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A sparse crowned small to medium tree with large heads of golden yellow flowers which may open over a period of a few weeks. This tabebuia is a good choice for a small garden or potting culture.
This tabebuia found in woodlands and along streams in Jamaica and is very rare in cultivation. It has has very pretty, rosy white blooms coming in clusters. The tree can grow up to 40 feet high, tolerates some drought and poor soils.
Tabebuia bahamensis grows as a large shrub, 5-10 feet tall and can grow as small tree of 10-20 feet tall under favorable conditions. It produces exquisitely beautiful Pink and White, off-White flowers and this makes it perfect for ornamental planting. This plant can tolerate moderate water and is salt-tolerant too so it could be grown near the seaside. In terms of cold-hardiness, it can survive toughest of cold as it is mature enough to tolerate temperatures as low as low 30s F for a short time.
For growing Tabebuia bahamensis in pot in cold regions, it is very important to keep the plant well protected from extreme cold temperatures. Best way to ensure that is by bringing the pot inside the house for the winter or if it cannot be done then keeping it in more protected areas outdoors like garage or porch is recommended. Also, the pot should be insulated and well protected by covering the soil with mulch, burlap panels and other suitable materials. Furthermore, if the soil gets really dry, consider using overhead irrigation system to provide moisture. Lastly, make sure to fertilize your plants in spring and summer with slow-release fertilizer to encourage blooming and promote healthy foliage growth.
All in all, Tabebuia bahamensis is a stunning plant native to the Bahamas and Cuba, as it magnificently displays silky soft, light pink to white blooms on its branches. Highly tolerant of different types of soil, and low maintenance, it is ideal for ornamental use in the landscape or for container gardening in regions with cold temperatures.
This Tabebuia is one over 100 species with blooms starting near the first day of spring in South Florida. Its masses of yellow trumpet flowers catch everyones eye in season. The foliage is mostly deciduous. Some trees lose leaves prior to blooming while others can hold some of their old leaves while in flower. One good trick is to cut off all added water 6-8 weeks before spring. This will encourage leaf drop and produce a much heavier show of flowers. All Tabebuias in irrigated landscapes are poorer bloomers due to this excess water. The trunk and wood of this Tabebuia is also very interesting. This variety has brittle wood that breaks in strong winds, but the tree always comes back. Newly planted large field grown trees take several years to stabilize root strength, so strong storms can easily topple large, newly planted trees. Stand them up immediately. Use this tree for small spaces, in full sun, on well drained soil. The tree has no pests.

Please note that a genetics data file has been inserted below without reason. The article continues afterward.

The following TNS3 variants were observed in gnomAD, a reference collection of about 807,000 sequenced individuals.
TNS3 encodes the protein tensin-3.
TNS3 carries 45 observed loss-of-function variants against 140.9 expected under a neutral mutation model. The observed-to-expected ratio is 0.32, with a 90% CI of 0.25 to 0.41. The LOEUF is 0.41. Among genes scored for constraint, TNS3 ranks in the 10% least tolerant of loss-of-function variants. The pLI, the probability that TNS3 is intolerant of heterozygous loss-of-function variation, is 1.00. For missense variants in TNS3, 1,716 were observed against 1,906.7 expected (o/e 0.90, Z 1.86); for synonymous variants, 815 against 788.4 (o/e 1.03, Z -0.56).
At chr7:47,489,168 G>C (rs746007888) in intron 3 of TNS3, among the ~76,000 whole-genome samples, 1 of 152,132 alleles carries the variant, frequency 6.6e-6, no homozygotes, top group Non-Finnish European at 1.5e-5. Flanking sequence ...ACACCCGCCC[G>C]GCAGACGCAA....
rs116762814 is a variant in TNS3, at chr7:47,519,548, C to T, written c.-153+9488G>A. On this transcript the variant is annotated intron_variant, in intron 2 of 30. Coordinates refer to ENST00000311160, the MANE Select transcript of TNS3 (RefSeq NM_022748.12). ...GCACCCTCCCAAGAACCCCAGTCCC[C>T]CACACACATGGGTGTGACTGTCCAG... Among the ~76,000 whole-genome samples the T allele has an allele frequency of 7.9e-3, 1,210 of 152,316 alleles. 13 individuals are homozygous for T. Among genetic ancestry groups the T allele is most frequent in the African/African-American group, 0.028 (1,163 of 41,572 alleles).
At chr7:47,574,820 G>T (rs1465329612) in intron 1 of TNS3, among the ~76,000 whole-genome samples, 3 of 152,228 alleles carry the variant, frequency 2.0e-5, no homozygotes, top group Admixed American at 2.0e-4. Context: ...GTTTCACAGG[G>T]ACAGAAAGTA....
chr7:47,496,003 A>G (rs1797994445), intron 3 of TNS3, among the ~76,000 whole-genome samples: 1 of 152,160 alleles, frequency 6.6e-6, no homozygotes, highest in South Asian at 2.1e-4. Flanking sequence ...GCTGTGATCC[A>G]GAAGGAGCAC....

Rare species of Tabebuia from Caribbean. Small tree with pretty mauve flowers covering the tree. There are leaves along with flowers, unlike the other kinds of Tabebuia that loose all the leaves and left with just flowers. This one will bloom on and off all year.
Tabebuia 'Carib Queen' is Tabebuia heterophylla subsp. Pallida X Tabebuia haemantha.
Tabebuia is a genus containing around 100 species, many widely used in hot-weather gardens everywhere. In regions with a sharp division between wet and dry seasons the Pink Trumpet Tree annually sheds its foliage and the leafless branches are covered with clusters of pale to deep pink flowers.
Tabebuia is a genus containing around 100 species, many widely used in hot-weather gardens everywhere. T. impetiginosa is a small tree which may be leafless when in flower. The bright rose-pink to light purple flowers may totally cover the tree in spring. A good choice for small yards or potting culture.
Tabebuia is a native Brazilian word meaning "ant wood", as ants live in the hollow dead twigs.
Small partly deciduous tree with glossy, opposite, palmately compound leaves. The tubular pinkish flowers having yellow centers are mixed with the leaves (as opposed to Tabebuia impetiginosa, where pinkish-purplish flowers cover the leafless tree in the spring).
Tabebuia 'Carib Queen' sometimes called T. pallida, is actually Tabebuia heterophylla subsp. pallida X Tabebuia haemantha.
This species of tabebuia has snow white flowers and is very rare.